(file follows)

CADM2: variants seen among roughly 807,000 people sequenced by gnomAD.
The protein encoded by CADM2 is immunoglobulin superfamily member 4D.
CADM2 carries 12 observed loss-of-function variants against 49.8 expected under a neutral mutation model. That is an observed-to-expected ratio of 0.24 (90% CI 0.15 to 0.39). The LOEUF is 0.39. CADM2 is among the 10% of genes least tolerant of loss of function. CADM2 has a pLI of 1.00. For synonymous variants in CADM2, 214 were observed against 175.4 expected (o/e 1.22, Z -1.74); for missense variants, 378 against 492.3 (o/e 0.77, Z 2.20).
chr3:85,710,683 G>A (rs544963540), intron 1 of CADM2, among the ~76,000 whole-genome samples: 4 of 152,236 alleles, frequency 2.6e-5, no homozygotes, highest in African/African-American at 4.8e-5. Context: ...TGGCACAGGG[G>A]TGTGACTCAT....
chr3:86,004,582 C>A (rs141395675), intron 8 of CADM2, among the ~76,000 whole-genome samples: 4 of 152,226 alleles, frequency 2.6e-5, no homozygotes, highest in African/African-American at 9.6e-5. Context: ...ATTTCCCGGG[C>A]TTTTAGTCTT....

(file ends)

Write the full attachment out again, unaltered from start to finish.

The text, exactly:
CADM2: variants seen among roughly 807,000 people sequenced by gnomAD.
The protein encoded by CADM2 is immunoglobulin superfamily member 4D.
CADM2 carries 12 observed loss-of-function variants against 49.8 expected under a neutral mutation model. That is an observed-to-expected ratio of 0.24 (90% CI 0.15 to 0.39). The LOEUF is 0.39. CADM2 is among the 10% of genes least tolerant of loss of function. CADM2 has a pLI of 1.00. For synonymous variants in CADM2, 214 were observed against 175.4 expected (o/e 1.22, Z -1.74); for missense variants, 378 against 492.3 (o/e 0.77, Z 2.20).
chr3:85,710,683 G>A (rs544963540), intron 1 of CADM2, among the ~76,000 whole-genome samples: 4 of 152,236 alleles, frequency 2.6e-5, no homozygotes, highest in African/African-American at 4.8e-5. Context: ...TGGCACAGGG[G>A]TGTGACTCAT....
chr3:86,004,582 C>A (rs141395675), intron 8 of CADM2, among the ~76,000 whole-genome samples: 4 of 152,226 alleles, frequency 2.6e-5, no homozygotes, highest in African/African-American at 9.6e-5. Context: ...ATTTCCCGGG[C>A]TTTTAGTCTT....